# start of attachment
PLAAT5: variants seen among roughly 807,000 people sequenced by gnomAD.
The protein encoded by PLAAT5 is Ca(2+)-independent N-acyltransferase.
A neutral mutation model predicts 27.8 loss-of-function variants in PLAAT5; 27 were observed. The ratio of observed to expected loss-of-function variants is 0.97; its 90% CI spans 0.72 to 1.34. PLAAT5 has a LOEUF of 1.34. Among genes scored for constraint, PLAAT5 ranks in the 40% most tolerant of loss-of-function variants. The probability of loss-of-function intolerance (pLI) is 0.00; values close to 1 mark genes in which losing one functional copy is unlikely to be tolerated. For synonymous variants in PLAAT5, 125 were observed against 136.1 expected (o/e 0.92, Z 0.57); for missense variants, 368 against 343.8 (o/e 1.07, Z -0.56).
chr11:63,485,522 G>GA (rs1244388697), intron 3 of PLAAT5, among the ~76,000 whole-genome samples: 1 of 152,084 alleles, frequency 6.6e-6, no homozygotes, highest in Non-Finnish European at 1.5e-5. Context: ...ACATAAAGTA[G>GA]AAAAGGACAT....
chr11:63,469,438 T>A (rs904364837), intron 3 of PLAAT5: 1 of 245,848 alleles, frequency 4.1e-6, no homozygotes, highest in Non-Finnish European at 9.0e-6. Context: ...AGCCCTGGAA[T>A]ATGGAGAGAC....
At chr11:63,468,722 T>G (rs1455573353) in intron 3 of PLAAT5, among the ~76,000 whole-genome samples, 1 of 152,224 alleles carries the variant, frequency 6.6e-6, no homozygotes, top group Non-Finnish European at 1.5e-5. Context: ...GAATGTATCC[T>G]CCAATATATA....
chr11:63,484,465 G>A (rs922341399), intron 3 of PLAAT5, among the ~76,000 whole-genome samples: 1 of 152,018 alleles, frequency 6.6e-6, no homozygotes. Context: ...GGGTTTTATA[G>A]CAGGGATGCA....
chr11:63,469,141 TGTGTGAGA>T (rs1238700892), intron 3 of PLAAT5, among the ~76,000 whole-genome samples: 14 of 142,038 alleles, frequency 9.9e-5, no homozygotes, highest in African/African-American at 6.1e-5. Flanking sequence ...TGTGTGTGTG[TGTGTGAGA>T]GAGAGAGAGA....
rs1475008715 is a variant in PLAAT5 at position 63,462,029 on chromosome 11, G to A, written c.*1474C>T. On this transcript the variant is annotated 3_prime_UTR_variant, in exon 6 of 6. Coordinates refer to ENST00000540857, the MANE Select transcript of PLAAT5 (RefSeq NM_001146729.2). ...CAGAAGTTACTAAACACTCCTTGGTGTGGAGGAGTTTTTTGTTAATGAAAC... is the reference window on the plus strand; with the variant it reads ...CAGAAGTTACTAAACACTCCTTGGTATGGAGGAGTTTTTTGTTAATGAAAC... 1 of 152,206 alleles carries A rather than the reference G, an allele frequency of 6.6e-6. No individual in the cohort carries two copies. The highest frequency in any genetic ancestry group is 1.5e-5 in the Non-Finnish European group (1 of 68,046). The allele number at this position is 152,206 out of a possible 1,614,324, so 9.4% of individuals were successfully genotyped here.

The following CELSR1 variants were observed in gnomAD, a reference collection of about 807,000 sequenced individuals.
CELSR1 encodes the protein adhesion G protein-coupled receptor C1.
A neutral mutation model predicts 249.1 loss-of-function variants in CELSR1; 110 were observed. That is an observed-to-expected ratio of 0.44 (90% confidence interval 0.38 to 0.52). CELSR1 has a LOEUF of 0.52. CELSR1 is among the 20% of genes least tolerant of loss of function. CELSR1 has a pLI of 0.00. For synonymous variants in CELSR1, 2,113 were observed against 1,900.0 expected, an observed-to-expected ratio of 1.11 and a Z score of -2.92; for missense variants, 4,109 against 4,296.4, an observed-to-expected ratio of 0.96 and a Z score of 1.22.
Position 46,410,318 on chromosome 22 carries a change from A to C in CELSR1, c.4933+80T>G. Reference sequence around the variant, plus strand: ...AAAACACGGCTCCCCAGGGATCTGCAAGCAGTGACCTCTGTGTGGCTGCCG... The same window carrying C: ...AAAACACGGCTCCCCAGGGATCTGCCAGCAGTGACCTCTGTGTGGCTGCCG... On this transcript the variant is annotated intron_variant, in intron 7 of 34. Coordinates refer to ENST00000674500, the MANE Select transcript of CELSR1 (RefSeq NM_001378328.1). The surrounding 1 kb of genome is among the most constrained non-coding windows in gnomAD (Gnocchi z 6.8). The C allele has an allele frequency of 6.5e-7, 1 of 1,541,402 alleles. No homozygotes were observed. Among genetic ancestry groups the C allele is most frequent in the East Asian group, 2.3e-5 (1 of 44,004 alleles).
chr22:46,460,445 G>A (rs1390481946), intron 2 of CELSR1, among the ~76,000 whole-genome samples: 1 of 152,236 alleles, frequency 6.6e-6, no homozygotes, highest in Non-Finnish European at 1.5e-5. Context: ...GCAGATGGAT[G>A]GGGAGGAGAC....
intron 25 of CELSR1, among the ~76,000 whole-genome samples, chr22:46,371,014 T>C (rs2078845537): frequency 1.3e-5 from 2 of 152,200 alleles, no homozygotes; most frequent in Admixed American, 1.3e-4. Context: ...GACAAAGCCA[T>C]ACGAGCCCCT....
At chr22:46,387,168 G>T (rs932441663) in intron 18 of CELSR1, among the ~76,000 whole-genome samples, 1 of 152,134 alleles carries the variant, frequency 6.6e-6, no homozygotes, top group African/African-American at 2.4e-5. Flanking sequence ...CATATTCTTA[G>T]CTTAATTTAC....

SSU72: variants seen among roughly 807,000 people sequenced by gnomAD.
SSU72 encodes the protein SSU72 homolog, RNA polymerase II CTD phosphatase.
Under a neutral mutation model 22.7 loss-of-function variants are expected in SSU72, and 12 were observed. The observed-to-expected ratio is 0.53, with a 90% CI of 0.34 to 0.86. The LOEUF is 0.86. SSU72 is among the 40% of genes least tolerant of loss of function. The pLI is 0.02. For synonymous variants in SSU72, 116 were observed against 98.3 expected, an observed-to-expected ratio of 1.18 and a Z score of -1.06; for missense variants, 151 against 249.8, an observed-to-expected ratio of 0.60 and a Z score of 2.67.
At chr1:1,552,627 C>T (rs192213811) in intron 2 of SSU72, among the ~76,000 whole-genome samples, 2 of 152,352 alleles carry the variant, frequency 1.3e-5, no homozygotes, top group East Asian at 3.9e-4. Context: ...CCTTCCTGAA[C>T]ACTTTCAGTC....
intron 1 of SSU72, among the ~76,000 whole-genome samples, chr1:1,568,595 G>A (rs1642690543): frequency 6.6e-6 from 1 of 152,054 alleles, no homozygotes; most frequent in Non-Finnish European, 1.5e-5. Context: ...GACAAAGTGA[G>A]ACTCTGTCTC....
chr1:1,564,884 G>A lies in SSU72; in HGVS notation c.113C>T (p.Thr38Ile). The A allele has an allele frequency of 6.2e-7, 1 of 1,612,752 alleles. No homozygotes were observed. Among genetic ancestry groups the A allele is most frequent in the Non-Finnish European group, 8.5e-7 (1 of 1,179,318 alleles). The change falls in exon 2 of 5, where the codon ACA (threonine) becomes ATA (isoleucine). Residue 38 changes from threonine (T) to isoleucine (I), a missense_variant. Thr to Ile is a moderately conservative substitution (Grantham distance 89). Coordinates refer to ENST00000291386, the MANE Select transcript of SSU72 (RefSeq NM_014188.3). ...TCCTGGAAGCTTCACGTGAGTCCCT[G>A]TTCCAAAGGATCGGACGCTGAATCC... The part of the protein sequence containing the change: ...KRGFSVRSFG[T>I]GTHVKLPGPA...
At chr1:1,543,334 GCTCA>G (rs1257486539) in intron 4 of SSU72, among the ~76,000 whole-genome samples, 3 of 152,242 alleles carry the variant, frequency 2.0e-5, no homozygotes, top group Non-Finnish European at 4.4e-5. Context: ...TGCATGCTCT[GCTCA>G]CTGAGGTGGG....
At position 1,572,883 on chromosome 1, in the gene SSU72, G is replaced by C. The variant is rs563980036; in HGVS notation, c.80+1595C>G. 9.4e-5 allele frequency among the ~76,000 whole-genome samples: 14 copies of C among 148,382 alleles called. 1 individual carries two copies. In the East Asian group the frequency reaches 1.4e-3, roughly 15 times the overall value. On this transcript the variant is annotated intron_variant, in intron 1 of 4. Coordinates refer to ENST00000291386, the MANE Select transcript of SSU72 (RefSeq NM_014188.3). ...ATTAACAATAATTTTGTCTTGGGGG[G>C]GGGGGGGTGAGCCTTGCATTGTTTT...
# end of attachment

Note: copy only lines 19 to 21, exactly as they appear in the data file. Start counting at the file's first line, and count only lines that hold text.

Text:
Under a neutral mutation model 22.7 loss-of-function variants are expected in SSU72, and 12 were observed. The observed-to-expected ratio is 0.53, with a 90% CI of 0.34 to 0.86. The LOEUF is 0.86. SSU72 is among the 40% of genes least tolerant of loss of function. The pLI is 0.02. For synonymous variants in SSU72, 116 were observed against 98.3 expected, an observed-to-expected ratio of 1.18 and a Z score of -1.06; for missense variants, 151 against 249.8, an observed-to-expected ratio of 0.60 and a Z score of 2.67.
At chr1:1,552,627 C>T (rs192213811) in intron 2 of SSU72, among the ~76,000 whole-genome samples, 2 of 152,352 alleles carry the variant, frequency 1.3e-5, no homozygotes, top group East Asian at 3.9e-4. Context: ...CCTTCCTGAA[C>T]ACTTTCAGTC....
intron 1 of SSU72, among the ~76,000 whole-genome samples, chr1:1,568,595 G>A (rs1642690543): frequency 6.6e-6 from 1 of 152,054 alleles, no homozygotes; most frequent in Non-Finnish European, 1.5e-5. Context: ...GACAAAGTGA[G>A]ACTCTGTCTC....